Fig. 2
figure2

Perforation of the posterior wall of the gastral antrum was endoscopically diagnosed

Fig. 3
figure3

CT-scan demonstrating left subphrenic abscess with destruction of the diaphragm and development of pneumonia per continuitatem. LL, left lower lobe; SM, stomach; white asterisk: subphrenic abscess

Discussion and conclusions

Direct and indirect ARDS can be considered as different diseases that are characterized by different pathophysiological, radiological and mechanical patterns [6]. ARDS from direct causes including pneumonia and aspiration is initiated by an insult of alveolar epithelium while ARDS from indirect causes such as abdominal sepsis is triggered by endothelial damage [1]. Yet, current report demonstrates the development of pneumonia with subsequent direct ARDS due to an undiagnosed abdominal infection. Therefore, even when pneumonia was considered as the main trigger of ARDS, the abdominal abscess might also have contributed to diseases progression by endothelial injury. Mixed etiologies of lung injury have been described before and are often related to trauma-associated ARDS through chest injury and systemic inflammatory response syndrome [2, 7].

To our knowledge this is the first ARDS caused by a supposedly harmless IGB treatment. Gastric perforation by IGB occurs in only 0.1% of treatments [4]. Furthermore, the clinical diagnosis of GI tract perforation is challenging as the symptoms may be non-specific [5]. This combination might be the reason for the delayed diagnosis of gastric perforation and development of an abdominal abscess in the current case. Our patient presented with i) pneumonia of the left lower lobe and ARDS ii) gastric perforation and iii) left subphrenic abscess. Given that the patient underwent IGB treatment, followed by epigastric symptoms and pain in the left shoulder, the perforation of the abscess into the lung is the most likely cause for the pneumonia per continuitatem and subsequent direct ARDS. Consistent with this, it has been shown that in 44% of subphrenic abscesses the chest findings dominated the clinical picture while in 42% of the cases the abdominal findings were most prominent [8].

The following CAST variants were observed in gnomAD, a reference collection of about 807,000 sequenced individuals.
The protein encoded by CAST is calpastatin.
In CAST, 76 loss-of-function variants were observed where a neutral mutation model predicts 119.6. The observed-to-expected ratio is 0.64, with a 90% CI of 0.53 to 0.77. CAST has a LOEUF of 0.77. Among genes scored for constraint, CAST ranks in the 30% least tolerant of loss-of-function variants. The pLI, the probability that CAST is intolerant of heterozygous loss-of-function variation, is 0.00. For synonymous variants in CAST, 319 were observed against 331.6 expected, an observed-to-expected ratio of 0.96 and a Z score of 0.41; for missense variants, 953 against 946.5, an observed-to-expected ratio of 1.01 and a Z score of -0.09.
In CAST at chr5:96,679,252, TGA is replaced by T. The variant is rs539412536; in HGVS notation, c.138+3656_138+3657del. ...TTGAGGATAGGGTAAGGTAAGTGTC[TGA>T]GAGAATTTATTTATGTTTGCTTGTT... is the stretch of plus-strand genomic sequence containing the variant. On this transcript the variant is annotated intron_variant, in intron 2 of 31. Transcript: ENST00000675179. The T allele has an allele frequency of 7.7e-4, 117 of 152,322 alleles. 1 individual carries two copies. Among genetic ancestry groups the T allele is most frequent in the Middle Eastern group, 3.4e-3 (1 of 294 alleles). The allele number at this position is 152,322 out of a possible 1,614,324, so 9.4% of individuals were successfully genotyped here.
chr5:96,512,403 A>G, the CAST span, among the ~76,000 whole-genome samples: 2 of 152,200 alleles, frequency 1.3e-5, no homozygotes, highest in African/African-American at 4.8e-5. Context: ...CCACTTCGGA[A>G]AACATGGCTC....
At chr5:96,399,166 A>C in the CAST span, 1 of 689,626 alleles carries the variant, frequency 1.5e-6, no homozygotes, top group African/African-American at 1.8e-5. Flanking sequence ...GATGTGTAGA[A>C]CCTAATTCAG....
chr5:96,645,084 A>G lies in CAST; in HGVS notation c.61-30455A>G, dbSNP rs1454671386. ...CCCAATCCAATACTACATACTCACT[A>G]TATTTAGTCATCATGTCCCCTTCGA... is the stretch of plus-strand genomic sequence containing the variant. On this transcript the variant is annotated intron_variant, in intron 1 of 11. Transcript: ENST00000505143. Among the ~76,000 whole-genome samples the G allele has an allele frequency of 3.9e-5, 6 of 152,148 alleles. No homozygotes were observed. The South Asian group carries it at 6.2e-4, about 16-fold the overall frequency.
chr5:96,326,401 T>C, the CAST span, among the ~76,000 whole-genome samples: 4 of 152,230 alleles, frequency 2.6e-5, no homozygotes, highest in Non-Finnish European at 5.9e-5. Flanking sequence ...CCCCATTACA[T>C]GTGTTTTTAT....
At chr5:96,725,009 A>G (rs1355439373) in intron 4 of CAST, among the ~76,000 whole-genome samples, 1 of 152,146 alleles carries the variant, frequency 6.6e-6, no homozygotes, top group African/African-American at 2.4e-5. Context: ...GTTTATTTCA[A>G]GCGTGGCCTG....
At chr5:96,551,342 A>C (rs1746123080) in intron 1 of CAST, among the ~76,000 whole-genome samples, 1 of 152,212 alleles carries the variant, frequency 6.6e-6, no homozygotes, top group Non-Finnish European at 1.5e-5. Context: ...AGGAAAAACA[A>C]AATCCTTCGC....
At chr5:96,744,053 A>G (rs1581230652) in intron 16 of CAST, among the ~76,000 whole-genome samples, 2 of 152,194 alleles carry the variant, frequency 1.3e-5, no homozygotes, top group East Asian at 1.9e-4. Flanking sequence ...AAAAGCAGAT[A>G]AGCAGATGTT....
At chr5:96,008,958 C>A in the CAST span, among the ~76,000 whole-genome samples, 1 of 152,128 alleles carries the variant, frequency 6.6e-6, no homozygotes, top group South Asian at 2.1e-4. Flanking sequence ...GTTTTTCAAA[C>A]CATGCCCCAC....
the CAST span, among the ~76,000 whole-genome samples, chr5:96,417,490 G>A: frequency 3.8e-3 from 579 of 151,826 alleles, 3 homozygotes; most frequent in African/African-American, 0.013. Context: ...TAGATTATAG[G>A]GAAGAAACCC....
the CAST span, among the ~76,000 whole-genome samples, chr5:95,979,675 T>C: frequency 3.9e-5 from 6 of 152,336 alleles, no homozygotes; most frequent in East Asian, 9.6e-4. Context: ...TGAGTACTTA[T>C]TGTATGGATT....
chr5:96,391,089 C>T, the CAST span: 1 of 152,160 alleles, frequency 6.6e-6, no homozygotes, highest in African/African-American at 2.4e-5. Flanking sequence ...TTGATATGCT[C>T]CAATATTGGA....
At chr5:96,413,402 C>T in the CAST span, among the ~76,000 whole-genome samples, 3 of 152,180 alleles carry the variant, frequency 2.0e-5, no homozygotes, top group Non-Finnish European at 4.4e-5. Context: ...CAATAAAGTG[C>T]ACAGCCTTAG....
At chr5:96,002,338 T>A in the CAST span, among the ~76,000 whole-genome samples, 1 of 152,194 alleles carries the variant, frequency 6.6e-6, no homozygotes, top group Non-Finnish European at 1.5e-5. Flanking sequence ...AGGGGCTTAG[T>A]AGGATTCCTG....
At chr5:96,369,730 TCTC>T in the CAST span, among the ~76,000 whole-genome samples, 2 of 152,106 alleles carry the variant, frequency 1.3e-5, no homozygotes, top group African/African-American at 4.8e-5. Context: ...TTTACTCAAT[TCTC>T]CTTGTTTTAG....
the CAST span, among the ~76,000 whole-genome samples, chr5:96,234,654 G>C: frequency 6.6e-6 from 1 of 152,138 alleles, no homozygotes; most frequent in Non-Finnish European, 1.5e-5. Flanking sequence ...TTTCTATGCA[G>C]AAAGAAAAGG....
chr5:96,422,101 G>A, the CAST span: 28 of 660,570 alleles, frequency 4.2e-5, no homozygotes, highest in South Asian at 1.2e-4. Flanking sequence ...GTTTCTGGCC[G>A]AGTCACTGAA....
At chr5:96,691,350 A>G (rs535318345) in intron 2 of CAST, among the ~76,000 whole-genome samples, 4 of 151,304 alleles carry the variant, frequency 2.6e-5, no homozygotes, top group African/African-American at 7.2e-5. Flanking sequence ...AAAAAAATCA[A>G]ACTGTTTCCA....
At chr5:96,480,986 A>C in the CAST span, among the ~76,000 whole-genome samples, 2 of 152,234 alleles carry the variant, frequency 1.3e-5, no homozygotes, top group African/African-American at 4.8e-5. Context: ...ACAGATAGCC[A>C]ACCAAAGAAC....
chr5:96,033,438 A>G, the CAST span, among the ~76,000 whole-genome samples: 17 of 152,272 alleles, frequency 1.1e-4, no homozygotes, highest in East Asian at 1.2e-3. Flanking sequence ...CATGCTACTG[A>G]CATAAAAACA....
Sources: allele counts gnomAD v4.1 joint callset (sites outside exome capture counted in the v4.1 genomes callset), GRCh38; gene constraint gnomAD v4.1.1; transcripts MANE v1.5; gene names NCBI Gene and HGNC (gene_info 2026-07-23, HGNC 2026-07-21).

In conclusion, this report demonstrates that patients with direct ARDS may have additional upper abdominal pathologic conditions as risk factors including abscesses [2]. Although pneumonia exists and could have explained the patient’s lung failure alone, careful anamnesis and clinical diagnostic led to the correct diagnosis of direct ARDS after gastric perforation caused by an IGB. In addition to a complete anamnesis, we recommend comprehensive diagnostics including both thoracic and abdominal CT-scan in every admission to minimize the possibility of an additional non-pulmonary septic focus in patients with assumed direct ARDS (and vice versa).

Availability of data and materials

Data sharing not applicable to this article as no datasets were generated or analysed during the current study.

Abbreviations

ARDS:

Acute respiratory distress syndrome

ECMO:

Extracorporeal membrane oxygenation

IGB:

Intragastric balloon

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Acknowledgements

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Contributions

NT, TW, CW, JCS, CP: provided medicine for the patient and wrote the draft of the manuscript. CB: provided medicine for the patient and wrote the manuscript as a corresponding author. All authors read and approved the final manuscript.

Corresponding author

Correspondence to Christian Bode.

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Written informed consent was obtained from the patient for publication of this case report and any accompanying images. A copy of the written consent is available for review by the Editor-in-Chief of this journal.

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The authors declare that they have no competing interests.

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Theuerkauf, N., Weismüller, T., Weißbrich, C. et al. Direct acute respiratory distress syndrome after gastric perforation caused by an intragastric balloon: a case report. BMC Anesthesiol 20, 182 (2020). https://doi.org/10.1186/s12871-020-01101-y

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Keywords

  • Chest imaging
  • Pneumonia
  • ARDS
  • Obesity treatment
  • Abscess
  • Extracorporeal membrane oxygenation